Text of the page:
Almost all major players in the steel market in Ukraine have gone through a technical default procedure. The reason is the same for all. Companies borrowed large amounts of money, including from foreign sources, to carry out key investment projects:
- ISD invested significant amounts in modernization of Alchevsk Iron and Steel Works and Alchevsk Coke Plant. The claimed amount of investment in 2005–2008 was $3.5 billion. As a result, these plants were the most technologically advanced in Ukraine, and ISD ranked 25th on the list of the world’s largest steel manufacturers in 2007;
- Interpipe invested $700 million in construction of an electric arc steelmaking plant instead of the open-hearth shop of Nyzhnyodniprovskyi Tube Rolling Plant;
- Metinvest Holding invested $4.4 billion in 2008–2013 in modernization of metal and mining assets;
- Donetskstal built the most technically advanced processing plant in Europe, and an electric arc steelmaking plant. Investments in 2010–2013 amounted to around $1 billion;
- Ferrexpo invested in the increased efficiency of Poltava Mining and built two new ones. Capital investment in 2007–2014 amounted to around $2 billion.
Yet in the periods of crises of 2008–2009 and 2014–2015, companies experienced difficulties in servicing these debts. The conflict in Donbas and the loss of assets dealt a serious blow to the industry. As a result, ISD and Donetskstal actually ceased to exist.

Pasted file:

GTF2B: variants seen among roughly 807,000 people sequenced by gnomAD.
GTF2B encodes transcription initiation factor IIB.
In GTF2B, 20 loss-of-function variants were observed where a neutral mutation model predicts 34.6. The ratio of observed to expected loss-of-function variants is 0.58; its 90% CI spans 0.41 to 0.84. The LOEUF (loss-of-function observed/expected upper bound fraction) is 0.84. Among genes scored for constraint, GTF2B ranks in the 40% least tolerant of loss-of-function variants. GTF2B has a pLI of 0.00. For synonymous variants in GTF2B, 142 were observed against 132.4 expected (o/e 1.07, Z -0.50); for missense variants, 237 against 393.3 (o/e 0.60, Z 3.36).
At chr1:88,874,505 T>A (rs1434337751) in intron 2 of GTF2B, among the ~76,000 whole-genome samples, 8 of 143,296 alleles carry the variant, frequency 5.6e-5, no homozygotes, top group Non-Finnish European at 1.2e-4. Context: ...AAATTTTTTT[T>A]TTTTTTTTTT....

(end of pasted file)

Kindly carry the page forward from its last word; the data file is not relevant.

Global trends that cannot be prevented are challenging the industry. On the one hand, problems in the global economy, deindustrialization, and excess capacity in the industry make the market weak in a long-term perspective. On the other hand, the need for decarbonization and digitization increases the industry’s demand for investment. In these circumstances, steelmakers are nevertheless forced to take risks and invest so as to remain competitive.
Capital-intensive business in a cyclical industry poses high risks in developing economies. For domestic manufacturers, the situation could change due to:
- improvement of the investment climate — to increase refinancing opportunities and raise funds for a longer term;
- sound regulatory policy — to increase predictability and prevent adverse impact on competitiveness;
- development of the domestic market for metal products — to enhance resilience of the business during crises.
Initially published on Liga.Net
* Default means the debtor’s inability to pay in full its outstanding liabilities to the creditor.
Bankruptcy means the recognized by a competent public authority inability of the debtor to pay in full its outstanding liabilities to the creditor.
Technical default means the situation when the debtor fails to comply with loan conditions, but demonstrates readiness to comply in the future. Technical default may end in an agreement with the creditors on debt restructuring (changes in the terms of repayment) or on adjudication of the bankruptcy of the debtor.